Oh Vietnam. You were such a dream. The incredible food. The beautiful scenery. The numerous cafes. The incessant honking. I loved it all.
The influence left over from the French colonialism is still extremely evident in the cuisine and cafe culture. Yet it has the craziness of any other Asian country. The combination makes for a fun, energizing country.
Here are a few of my highlights, observations and of course, favorite meals:
While there technically are traffic rules and stop lights, you almost wouldn’t believe it. There lacks a sort of “right of way” in Vietnam, at least what we would consider a right of way back in the States. Like if you are a pedestrian, typically cars and motorists watch out for you. Not in Vietnam. Plenty of times I was walking down the sidewalk and a motorbike would just cut me off to park right where I was walking. It isn’t that they are being rude, they just don’t consider your walking any more important than their driving.
And crossing the street is an experience. Even if there are crosswalks, no one will stop for you, so you definitely have to watch where you are going. You just start walking slowly and continue forward even if cars are zigzagging around you. At first, I certainly wanted to bolt into a run and dart across the street, but we were warned that is the exact opposite thing you should do. If in doubt, just follow a local across the street!
To deal with all of the chaos, the Vietnamese people honk. At all times. It is the noisiest countries I have ever been to. When we asked our Vietnamese tour guide John when you should honk, he looked at us like we asked the most ridiculous question. “Always!” he exclaimed. If you want to turn, if someone is in your way, if you are cutting someone off. I didn’t even realize it was so loud until we came to Cambodia, where it is eerily quiet by comparison. But that is all part of the fun!
The Vietnamese, especially in Hanoi, are friendly and energetic. No matter the hour, you can find them socializing and laughing at bars and cafes. While sometimes we got funny looks when we tried acting like locals, they seemed to love tourists and were helpful and excited to share their country with us.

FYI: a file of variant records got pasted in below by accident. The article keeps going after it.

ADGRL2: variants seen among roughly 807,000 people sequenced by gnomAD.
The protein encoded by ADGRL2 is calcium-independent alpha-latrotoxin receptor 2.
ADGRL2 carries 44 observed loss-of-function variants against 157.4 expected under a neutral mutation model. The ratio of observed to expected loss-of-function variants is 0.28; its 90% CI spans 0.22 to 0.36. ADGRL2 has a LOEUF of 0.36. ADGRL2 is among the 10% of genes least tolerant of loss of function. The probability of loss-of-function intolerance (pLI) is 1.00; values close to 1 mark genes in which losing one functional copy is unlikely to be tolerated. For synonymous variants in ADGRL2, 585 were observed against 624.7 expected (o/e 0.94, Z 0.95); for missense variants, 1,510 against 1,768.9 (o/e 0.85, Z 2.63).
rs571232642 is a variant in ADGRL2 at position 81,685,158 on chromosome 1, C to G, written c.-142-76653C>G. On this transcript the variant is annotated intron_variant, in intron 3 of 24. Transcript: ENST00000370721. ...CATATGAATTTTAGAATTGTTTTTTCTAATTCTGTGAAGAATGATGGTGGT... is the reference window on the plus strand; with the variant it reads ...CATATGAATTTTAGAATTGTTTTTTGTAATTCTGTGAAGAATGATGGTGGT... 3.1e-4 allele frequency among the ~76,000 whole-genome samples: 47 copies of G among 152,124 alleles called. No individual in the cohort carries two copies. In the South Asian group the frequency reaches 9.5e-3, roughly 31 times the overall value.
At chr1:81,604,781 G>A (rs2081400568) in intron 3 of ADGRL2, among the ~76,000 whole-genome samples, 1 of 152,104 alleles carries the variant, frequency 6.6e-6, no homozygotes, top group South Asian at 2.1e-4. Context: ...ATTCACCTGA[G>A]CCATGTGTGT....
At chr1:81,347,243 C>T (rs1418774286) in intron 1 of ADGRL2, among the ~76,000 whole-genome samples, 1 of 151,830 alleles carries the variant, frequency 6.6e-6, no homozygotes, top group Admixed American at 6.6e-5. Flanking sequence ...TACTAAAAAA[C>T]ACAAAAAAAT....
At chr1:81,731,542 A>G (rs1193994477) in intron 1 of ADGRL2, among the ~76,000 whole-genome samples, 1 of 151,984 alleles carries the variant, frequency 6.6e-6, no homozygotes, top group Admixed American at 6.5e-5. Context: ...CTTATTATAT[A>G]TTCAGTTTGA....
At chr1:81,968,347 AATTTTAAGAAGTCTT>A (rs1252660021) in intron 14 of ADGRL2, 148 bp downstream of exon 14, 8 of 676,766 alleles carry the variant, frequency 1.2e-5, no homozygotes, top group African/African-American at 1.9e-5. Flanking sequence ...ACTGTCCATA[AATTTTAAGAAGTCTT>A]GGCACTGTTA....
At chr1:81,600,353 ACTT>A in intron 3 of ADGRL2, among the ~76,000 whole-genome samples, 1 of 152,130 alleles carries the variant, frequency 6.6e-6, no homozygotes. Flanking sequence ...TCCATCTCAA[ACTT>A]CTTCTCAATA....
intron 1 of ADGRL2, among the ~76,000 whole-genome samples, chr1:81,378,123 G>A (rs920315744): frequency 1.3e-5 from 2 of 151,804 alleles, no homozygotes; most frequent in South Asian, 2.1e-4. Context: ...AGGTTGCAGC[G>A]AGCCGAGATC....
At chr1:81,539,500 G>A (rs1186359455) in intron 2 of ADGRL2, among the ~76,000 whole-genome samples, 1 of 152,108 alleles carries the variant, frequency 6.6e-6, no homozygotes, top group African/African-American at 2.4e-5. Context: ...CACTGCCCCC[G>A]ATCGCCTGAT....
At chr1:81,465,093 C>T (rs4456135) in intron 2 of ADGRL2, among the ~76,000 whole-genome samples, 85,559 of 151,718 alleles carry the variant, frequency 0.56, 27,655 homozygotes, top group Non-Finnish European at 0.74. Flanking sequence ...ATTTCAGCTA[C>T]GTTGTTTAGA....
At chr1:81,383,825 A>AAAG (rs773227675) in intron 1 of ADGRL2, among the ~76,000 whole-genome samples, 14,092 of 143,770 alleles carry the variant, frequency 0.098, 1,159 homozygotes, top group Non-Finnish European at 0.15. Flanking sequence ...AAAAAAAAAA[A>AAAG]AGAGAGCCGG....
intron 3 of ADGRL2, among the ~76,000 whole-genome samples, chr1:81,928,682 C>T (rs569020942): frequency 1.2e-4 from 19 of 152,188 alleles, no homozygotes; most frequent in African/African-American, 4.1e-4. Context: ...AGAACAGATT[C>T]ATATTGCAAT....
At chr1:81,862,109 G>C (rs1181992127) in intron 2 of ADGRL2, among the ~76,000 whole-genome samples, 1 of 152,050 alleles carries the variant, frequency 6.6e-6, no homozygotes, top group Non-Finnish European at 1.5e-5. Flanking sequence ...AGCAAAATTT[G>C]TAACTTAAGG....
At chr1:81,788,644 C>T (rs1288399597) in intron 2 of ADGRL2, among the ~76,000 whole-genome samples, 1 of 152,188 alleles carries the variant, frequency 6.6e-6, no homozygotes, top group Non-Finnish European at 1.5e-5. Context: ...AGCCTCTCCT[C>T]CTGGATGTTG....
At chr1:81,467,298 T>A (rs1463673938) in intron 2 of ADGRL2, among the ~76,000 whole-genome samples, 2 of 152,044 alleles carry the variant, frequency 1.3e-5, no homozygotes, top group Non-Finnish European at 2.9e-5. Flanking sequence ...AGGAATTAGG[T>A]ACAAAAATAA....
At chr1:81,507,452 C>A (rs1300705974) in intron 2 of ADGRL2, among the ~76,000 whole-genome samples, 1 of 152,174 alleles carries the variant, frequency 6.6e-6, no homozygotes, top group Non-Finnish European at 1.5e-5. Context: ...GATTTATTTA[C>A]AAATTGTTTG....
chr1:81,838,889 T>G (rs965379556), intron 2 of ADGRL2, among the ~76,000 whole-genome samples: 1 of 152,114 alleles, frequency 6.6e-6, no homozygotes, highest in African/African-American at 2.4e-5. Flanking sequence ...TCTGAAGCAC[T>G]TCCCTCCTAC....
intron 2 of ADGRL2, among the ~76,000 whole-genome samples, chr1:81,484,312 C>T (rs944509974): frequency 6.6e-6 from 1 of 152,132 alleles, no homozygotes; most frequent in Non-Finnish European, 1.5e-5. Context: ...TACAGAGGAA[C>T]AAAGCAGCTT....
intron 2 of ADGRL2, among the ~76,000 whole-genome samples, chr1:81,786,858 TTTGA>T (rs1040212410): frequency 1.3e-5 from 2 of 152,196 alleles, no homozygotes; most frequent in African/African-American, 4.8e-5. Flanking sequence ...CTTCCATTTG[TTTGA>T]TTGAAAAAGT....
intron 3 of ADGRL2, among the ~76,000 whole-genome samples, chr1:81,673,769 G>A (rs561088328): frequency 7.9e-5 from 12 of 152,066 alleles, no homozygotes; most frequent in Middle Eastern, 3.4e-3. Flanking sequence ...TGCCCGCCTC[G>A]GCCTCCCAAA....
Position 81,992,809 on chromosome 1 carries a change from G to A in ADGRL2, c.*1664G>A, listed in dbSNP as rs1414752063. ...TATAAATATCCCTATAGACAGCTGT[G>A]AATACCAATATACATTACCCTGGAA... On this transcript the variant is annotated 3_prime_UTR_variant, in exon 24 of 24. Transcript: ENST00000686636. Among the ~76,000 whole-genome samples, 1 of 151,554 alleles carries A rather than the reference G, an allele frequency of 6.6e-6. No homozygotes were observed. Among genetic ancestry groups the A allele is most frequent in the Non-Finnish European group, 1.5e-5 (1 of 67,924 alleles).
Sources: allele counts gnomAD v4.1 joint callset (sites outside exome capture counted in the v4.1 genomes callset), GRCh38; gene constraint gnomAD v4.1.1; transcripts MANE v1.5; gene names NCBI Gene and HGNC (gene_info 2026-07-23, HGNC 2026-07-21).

Of course, there were some instances where people tried taking advantage of us being tourists, like the woman at the market who complimented my headband, asked to take a photo together and then charged me a dollar.
Or when we were blatantly cut in line in Hoi An for Bahn Mi sandwiches. “No, me Vietnamese, first,” the old man declared, pointing at himself, then pointing to us and the back of the line. As a local, he did not wait behind tourists. After we repeatedly told him no, he persisted and got his food first without a second thought from the restaurant staff. Then he smiled and exclaimed “I still like you.”
One of the nicest encounters was while we motorbiking from Hue to Hoi An, we ran out of gas (yes, that happened) just outside of our destination, in the dark, nowhere near our guide. A woman biking past with her two daughters on the front stopped and offered to help. She led us to the mini gas station and made sure we were ok. Motherly caring for others anywhere you go.
Cafes are everywhere, with seats facing towards the street just like in Europe. In Hanoi especially however, typically instead of full-size chairs, you will find miniature plastic stools. The sidewalks are covered with those little stools, nearly always filled by locals chatting and drinking the strong Vietnamese coffee or beers while munching on pumpkin seeds.
Egg Coffee – After the recommendation of one of the hotel staff in Hanoi, we stopped at a small cafe (where you sit on miniature stools on the sidewalk!) for some Egg Coffee one night. Ok, I know that sounds weird. I thought the same thing. But, when in Rome, right? (Or when in Vietnam?) And seriously, boy am I glad we tried it. I keep raving about it. A small shot of coffee (or cocoa in my case) on the bottom of the mug, then topped with what almost tastes like marshmallow-fluff. It is egg yolk mixed with condensed milk and then whipped until it is a custard like consistency. You drink it with a spoon, stirring slightly to get both the coffee and egg custard in the same sip. So. So. Good.
I cannot even express how much I loved the food. Fresh fruit and produce, flavorful soups and noodles, and sure, some sketchy meats. But we’ll ignore that part.
Here were some of my favorites.
Bun Bo Nam Bo – My favorite way to learn where to go when traveling is to ask the locals. [I loved this blog post by fellow Portlander about totally spot-on TripAdvisor review troubles.] So during our first night in Hanoi when we hit up Crossfit Tay Ho, one of our initial questions to the group was “where should we eat?” We were told we had to get Bun Bo Nam Bo from this little restaurant in the Old Quarter.